When you’re in the process of buying a car, do you take into account the cost of its parts or how readily available they’ll be should your car need repairs?
Probably not. But it is worth finding out, as Wayne Myburgh’s story demonstrates.
His India-made Toyota Etios hatchback had only 4 000km “on the clock” when he was involved in an accident on a Durban freeway last month. It was towed to a panel beater in Pinetown, and Myburgh was initially told it would be a 48-hour repair job.
His insurer duly paid for a hired car for him.
Then came the news there was a delay sourcing the parts, and when Myburgh contacted Consumer Watch for help, he’d just heard he may not have the car back before the end of January.
When he asked the obvious question – why the long delay for parts on such a popular car? – Myburgh says he was given a variety of reasons, ranging from unprecedented Etios sales volumes to strike action and an international shortage of Etios parts.
“I was told that many other Etios owners had the same problem,” he said.
While acknowledging he’d been treated with courtesy and assured by Toyota he would have the use of a hire car until five days after the parts were delivered to the panel beater, Myburgh remained un-settled by the lengthy parts delay.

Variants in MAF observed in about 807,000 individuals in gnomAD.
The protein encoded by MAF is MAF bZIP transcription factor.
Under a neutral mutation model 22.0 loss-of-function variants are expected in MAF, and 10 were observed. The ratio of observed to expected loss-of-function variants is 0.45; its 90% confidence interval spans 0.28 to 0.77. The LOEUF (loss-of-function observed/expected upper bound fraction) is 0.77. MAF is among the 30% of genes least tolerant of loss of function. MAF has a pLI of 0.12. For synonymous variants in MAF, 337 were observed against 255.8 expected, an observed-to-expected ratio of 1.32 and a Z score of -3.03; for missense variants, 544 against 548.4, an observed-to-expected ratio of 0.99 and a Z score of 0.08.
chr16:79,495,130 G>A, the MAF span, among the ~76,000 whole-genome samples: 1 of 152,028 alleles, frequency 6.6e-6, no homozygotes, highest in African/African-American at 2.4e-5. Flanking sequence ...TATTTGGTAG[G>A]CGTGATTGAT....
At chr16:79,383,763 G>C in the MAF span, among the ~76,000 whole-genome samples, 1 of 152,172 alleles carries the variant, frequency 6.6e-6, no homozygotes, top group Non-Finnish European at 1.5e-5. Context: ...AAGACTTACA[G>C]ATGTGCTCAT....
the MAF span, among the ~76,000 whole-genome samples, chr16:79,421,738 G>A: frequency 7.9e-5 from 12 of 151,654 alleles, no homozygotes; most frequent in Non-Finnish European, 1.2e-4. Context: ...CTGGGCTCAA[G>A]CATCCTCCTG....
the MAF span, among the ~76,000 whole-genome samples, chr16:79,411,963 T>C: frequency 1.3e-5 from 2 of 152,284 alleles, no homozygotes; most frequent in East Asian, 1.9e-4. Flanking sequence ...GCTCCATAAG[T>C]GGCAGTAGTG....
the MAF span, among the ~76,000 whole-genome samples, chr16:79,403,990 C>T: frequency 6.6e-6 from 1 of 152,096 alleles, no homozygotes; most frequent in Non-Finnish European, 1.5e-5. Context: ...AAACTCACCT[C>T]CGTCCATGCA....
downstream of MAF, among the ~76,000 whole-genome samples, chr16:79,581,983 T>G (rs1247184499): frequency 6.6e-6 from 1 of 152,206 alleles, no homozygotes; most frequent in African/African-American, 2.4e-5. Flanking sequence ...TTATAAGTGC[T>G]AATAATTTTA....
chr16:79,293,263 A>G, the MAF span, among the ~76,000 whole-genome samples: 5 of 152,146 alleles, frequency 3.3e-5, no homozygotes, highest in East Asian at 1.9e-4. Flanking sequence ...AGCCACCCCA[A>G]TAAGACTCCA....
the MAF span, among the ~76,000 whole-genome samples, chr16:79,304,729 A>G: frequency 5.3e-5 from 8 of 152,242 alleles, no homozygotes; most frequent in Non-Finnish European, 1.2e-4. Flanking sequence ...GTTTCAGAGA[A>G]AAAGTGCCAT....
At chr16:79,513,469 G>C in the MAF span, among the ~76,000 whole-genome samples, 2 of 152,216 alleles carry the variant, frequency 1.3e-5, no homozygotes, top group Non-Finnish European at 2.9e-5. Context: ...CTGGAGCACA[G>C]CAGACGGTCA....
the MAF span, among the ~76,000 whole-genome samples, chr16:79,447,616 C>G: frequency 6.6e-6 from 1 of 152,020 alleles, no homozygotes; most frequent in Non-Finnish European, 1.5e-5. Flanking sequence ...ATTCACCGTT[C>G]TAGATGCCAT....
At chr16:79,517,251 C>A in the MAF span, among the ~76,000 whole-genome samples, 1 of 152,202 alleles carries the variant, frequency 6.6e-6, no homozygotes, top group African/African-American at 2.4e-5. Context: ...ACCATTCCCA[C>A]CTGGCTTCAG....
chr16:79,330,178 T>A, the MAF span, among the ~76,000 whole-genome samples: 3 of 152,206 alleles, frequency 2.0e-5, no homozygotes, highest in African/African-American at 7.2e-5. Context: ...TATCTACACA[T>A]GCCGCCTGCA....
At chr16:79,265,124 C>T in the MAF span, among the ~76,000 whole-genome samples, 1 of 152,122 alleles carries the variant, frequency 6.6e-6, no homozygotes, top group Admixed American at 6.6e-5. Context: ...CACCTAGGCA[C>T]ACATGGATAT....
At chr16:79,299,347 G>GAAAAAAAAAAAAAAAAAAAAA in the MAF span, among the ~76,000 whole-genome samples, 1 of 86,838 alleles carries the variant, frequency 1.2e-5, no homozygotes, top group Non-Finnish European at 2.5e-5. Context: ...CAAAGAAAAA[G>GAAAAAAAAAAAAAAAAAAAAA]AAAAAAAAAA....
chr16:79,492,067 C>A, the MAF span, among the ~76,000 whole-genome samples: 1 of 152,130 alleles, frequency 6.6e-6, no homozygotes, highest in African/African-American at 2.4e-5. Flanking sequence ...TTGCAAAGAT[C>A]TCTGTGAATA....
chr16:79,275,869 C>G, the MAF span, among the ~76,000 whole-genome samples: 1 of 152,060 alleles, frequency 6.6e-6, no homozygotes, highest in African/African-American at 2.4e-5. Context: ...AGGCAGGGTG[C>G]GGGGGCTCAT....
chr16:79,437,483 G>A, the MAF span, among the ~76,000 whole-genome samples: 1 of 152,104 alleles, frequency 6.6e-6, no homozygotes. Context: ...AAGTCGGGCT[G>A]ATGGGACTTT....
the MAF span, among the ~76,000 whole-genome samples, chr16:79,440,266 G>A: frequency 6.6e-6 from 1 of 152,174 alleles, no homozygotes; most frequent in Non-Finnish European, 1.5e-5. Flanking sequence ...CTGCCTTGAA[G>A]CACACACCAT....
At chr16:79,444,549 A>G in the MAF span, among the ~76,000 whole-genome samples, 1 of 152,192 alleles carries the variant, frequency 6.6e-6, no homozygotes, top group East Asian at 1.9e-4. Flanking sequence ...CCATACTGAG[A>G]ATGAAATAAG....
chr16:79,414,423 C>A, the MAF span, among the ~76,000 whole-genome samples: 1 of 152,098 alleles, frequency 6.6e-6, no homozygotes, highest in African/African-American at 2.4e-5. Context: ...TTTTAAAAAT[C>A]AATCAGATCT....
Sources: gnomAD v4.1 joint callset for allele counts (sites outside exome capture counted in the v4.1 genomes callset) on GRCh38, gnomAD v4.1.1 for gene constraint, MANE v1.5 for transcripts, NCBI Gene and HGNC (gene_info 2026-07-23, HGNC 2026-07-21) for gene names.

I approached Toyota South Africa for comment on this particular case and the apparent Etios parts shortage in general.
Product communications manager Clynton Yon said sales of the Etios – which was introduced as Toyota’s new budget offering, replacing the Tazz, earlier this year – had exceeded projections by 28 percent.
“That’s 2 001 more cars than we expected to sell between April and September this year,” he said.
To put that into perspective, 2 625 Etios cars were sold just last month, second only to South Africa’s top-selling passenger car, the VW Polo Vivo, 3 341 of which were sold last month. The Ford Figo was in a distant third place, with 1 353 cars sold.
While the Tazz was made at Toyota’s plant in Durban, the Etios is made in India, where, as Yon put it, “operating conditions are slightly different” to those in South Africa in terms of “speed, daily travel, distance, etc”.
Plus, with parts getting to South Africa via Thailand, there have been long delays, “impacting on back-order catch-up”, Yon said, as well as on the firm’s ability to adapt to the demand for parts.
So what is Toyota South Africa doing about the problem?
Parts back-orders are being air-freighted directly from India to “fill the gap”, and from mid-December, the standard import route will no longer be via Thailand – Toyota South Africa will source them directly from India.
“Meanwhile, updates on when back-ordered parts are expected will be provided to customers on a daily basis,” Yon said.
Within two days of my raising Myburgh’s case with Toyota, the parts needed to repair his Etios were delivered to the parts warehouse, and then to the dealership.
An ecstatic Myburgh told Consumer Watch: “I received a call this morning from the parts manager, who told me: ‘Miraculously all your parts have arrived’. Thanks very much.”